Violence is way down: Why do we think otherwise?

Both violence in general and terrorist violence in particular are declining but most people seem to consider these facts counterintuitive.

Both violence in general and terrorist violence in particular are declining but most people seem to consider these facts counterintuitive.

It is a curious thing that at a time of low levels of violence many are convinced matters are getting worse.

I am a big fan of Stephen Pinker. The Canadian linguist/thinker first came to my attention years ago when I was a lot more into languages and linguistics (I taught undergraduate linguistics at Carleton University in Ottawa for 15 years). He came up with some truly fascinating ideas about language and how it functions (you really should read his 1994 book The Language Instinct).

But as this is a blog about terrorism I want to focus on another of his works. In 2011 he penned The Better Angels of our Nature: Why violence has declined, a masterful 800-page whopper that shows quite convincingly, at least in my view, that if you go back into the mists of human history and end up at the present you will see that we have collectively become much less violent over the millennia. You read that right: LESS violent, not MORE.

This is all counterintuitive I imagine for most people. After all, we read constantly about wars and killings and terrorism and other such forms of depravity visited by one group of humans and another. We also know the old journalistic adage “if it bleeds, it leads”. No one reads news stories headlined ‘Cat has kittens’.

And yet it appears that if you actually look at data, real data, violence is on the descendant. Note that I am not saying it is gone, but just that on a proportionate level it has declined over time. We humans don’t tend to massacre others nearly as often as we did, as bones discovered recently in Spain seem to suggest.

No matter how often we come across stories like this one out of France, which demonstrates that crime rates are stabilising if not falling, we believe the opposite. Part of this is probably political in nature and part of it is human nature: we probably tend to see the worst in each other. But the facts are what the facts are.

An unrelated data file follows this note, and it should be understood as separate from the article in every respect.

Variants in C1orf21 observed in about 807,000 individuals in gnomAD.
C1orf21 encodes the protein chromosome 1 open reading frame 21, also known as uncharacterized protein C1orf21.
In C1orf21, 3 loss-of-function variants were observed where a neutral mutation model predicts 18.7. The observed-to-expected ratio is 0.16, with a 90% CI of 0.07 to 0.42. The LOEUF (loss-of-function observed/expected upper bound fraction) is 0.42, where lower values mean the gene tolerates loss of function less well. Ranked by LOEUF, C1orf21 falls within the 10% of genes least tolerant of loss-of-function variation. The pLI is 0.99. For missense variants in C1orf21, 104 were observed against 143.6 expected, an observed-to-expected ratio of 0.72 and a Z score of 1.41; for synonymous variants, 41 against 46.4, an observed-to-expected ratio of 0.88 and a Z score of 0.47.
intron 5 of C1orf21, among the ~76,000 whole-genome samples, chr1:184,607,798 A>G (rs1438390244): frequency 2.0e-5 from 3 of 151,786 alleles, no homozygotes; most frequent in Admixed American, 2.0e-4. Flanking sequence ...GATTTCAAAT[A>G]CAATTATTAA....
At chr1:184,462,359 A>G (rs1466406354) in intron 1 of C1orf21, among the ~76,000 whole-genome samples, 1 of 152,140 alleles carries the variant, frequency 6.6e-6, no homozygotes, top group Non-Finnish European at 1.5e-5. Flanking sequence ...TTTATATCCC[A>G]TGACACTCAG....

The same applies to terrorism.

As the comprehensive Global Terrorism Index for 2019 showed, deaths from terrorism have been declining since a peak in 2014. Yes, there are regional variations and some countries (like Afghanistan) are moving in the opposite direction, but the overall pattern is positive. No, terrorism has not been ‘defeated’ and never will since no one can defeat a common noun, but it is on the wane.

It would be best to keep this in mind when we look at the ‘resurgence’ of Islamic State (ISIS), Al Qaeda (AQ) and other jihadi groups and wring our hands over the ‘rise’ of far right violence. Even if we see momentary spikes in attacks here and there it is more likely that the downward trend should continue.

But, as they say, ‘past performance is not indicative of future results’. I would be both naive and foolish to think this cannot all go south on us again. That is why we need both to be vigilant in identifying terrorists before they act and interdicting their acts of violence and identifying those at risk of radicalisation and getting them off the ‘pathway’ before it is too late (NB the former is much easier than the latter IMHO).

Terrorism will always be with us, alas, but that does not mean we have to see it as bigger than it really is. One of the goals of terrorists and terrorist groups is to scare us: let’s not do that to ourselves and hence do that job for them.

By Phil Gurski

Phil Gurski is the President and CEO of Borealis Threat and Risk Consulting Ltd. Phil is a 32-year veteran of CSE and CSIS and the author of six books on terrorism.

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